Eight deans faced the drizzle on Tuesday 30 September to chat with students on the Rooiplein as part of the "Hang out with your Dean" item on Stellenbosch University's Diversity Week programme.
This item was hosted by the Frederik Van Zyl Slabbert Institute for Student Leadership Development.
Prof Louise Warnich, Dean of the Faculty of Science was bombarded with questions ranging from a feeling that staff members are sometimes unapproachable to the desirability of including subjects from other faculties in the science programme.
Warnich kicked off the conversation by emphasising the need to be polite in all written communications.
She said that a colleague at Leuven University in Belgium, who deals with application requests, simply rejects all communication that starts with "Hi…" and does not follow proper salutation conventions.
"I have realised that it is important to be respectful – whether it is to the person cleaning the laboratory or the head of a department," said Warnich.
Second-year student Aldine Deelman, said that she initially felt strange when she came to study at Stellenbosch University, but although she is not too keen on the "skakels", she did get to meet new people at these events and she learnt to "sakkie-sakkie".
She believes the "skakels" can be improved by "asking students what they expect of these events".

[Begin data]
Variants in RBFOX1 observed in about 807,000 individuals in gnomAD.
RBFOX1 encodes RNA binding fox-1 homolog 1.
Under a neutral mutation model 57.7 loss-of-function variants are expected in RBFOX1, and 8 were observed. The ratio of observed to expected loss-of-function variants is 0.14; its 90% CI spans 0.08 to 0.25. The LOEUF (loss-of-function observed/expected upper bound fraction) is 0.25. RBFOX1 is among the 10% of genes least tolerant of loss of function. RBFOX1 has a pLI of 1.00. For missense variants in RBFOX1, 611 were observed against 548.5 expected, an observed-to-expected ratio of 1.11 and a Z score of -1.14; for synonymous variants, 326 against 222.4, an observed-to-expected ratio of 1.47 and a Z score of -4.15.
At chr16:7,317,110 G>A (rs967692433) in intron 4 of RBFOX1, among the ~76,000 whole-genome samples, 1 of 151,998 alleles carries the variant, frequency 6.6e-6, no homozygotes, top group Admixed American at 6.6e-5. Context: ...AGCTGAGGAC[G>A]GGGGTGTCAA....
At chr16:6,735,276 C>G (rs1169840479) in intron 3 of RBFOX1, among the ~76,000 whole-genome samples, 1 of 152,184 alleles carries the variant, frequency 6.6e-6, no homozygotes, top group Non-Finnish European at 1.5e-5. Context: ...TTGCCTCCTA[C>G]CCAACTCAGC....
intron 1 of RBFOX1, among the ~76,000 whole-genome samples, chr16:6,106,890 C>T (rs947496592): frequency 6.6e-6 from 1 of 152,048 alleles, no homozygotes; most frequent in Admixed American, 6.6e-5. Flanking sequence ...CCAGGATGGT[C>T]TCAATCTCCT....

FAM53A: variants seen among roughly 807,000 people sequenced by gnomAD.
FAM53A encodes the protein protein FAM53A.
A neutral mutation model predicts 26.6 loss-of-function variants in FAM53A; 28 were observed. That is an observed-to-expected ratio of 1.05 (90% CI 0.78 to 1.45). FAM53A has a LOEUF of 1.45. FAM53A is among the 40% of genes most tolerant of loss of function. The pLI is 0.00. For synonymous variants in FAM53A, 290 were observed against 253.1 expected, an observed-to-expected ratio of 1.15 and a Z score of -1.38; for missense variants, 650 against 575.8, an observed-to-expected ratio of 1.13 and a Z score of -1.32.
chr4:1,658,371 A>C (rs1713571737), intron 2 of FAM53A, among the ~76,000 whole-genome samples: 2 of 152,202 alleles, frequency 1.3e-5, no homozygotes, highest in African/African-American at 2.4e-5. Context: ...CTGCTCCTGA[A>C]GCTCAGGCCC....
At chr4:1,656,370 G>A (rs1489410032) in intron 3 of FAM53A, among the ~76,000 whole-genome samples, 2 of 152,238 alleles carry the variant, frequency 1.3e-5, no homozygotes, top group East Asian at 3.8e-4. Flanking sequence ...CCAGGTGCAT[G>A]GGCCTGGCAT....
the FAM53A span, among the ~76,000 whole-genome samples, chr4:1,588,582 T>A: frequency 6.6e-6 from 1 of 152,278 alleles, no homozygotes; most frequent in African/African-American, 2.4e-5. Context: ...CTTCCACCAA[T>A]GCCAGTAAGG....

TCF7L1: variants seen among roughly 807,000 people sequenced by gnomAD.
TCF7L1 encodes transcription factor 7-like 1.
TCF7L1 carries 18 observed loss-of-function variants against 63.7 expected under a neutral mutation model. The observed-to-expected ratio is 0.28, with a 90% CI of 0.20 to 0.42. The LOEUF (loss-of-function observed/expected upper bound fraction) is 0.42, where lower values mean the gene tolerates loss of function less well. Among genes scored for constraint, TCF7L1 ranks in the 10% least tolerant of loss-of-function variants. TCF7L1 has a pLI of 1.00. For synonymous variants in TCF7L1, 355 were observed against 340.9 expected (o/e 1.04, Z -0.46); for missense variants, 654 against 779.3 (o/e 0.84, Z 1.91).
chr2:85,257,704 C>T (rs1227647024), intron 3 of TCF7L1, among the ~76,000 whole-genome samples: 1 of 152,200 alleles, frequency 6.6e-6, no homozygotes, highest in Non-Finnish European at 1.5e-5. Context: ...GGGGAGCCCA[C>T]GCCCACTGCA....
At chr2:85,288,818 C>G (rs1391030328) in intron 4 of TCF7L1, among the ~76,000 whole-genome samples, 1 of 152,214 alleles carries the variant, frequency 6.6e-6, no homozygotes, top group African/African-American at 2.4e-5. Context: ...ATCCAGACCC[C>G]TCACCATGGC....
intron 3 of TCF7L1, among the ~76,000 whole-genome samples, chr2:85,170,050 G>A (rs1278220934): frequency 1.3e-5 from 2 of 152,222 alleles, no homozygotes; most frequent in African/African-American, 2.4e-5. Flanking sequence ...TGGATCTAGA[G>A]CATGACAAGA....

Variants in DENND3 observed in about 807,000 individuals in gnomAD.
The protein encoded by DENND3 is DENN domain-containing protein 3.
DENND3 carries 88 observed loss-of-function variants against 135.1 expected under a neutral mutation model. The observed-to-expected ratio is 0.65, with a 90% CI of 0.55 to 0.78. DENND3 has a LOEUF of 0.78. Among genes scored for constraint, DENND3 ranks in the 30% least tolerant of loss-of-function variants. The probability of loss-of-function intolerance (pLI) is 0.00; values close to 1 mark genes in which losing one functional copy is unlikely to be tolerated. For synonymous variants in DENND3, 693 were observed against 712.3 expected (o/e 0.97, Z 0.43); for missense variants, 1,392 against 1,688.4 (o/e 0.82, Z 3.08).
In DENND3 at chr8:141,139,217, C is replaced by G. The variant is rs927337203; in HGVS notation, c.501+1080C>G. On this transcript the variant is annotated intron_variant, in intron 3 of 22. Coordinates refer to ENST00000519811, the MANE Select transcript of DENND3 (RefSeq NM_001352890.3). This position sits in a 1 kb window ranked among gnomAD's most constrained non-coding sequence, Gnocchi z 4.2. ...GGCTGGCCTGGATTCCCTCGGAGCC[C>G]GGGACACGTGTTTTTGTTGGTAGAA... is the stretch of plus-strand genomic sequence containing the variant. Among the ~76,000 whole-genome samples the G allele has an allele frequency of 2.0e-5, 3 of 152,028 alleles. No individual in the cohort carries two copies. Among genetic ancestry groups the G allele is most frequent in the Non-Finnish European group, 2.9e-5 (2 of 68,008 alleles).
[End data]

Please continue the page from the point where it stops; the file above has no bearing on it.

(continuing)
Fourth-year student Rhulani Ngobeni who is also a member of the Science Student Committee, said she cried every day for months because she felt that she was not welcome at her residence.
"However, I adapted and I became a mentor to help others who felt the way that I initially did."
Warnich who is one of only three female deans at SU, said she did not feel discriminated against, although she was used to being part of a minority.
"Many years ago I was the one and only female lecturer in the Department of Genetics. You sometimes have to realise that you have to be the first so that others can follow you."
At the table where Prof Sonia Human, Dean of the Faculty of Law interacted with students, there was open discussion, friendly debate and collective problem solving, writes Emily van der Merwe, law student and coordinator of the Discourse Cafés at the FVZS Institute.
Well-known for her approachable manner and willingness to interact with students, Human made the most of the opportunity by not only answering, but also asking some questions of the law students around her table.
Topics of discussion ranged from the faculty's language policy, theoretical vs. practical approach, the value of legal pedagogy and the need for critical discussion among students. Human enquired whether the faculty's "welcoming culture" was up to scratch, to which the students replied that the law faculty is perhaps the most welcoming and inclusive of all faculties, due to the many social opportunities on offer. The value of mentorship within the faculty was emphasised by the students.
During lunchtime the comedienne Anne Hirsch made the audience laugh when she interviewed Pieter Kloppers, Director: Student Structures and Communities and S'thembile Cele, a journalism student. Responding to the question about what he would like to change at SU, Kloppers said he would like to build enough residences so that all students could be accommodated. Cele said the one thing she learnt during her time at SU was 'resilience'.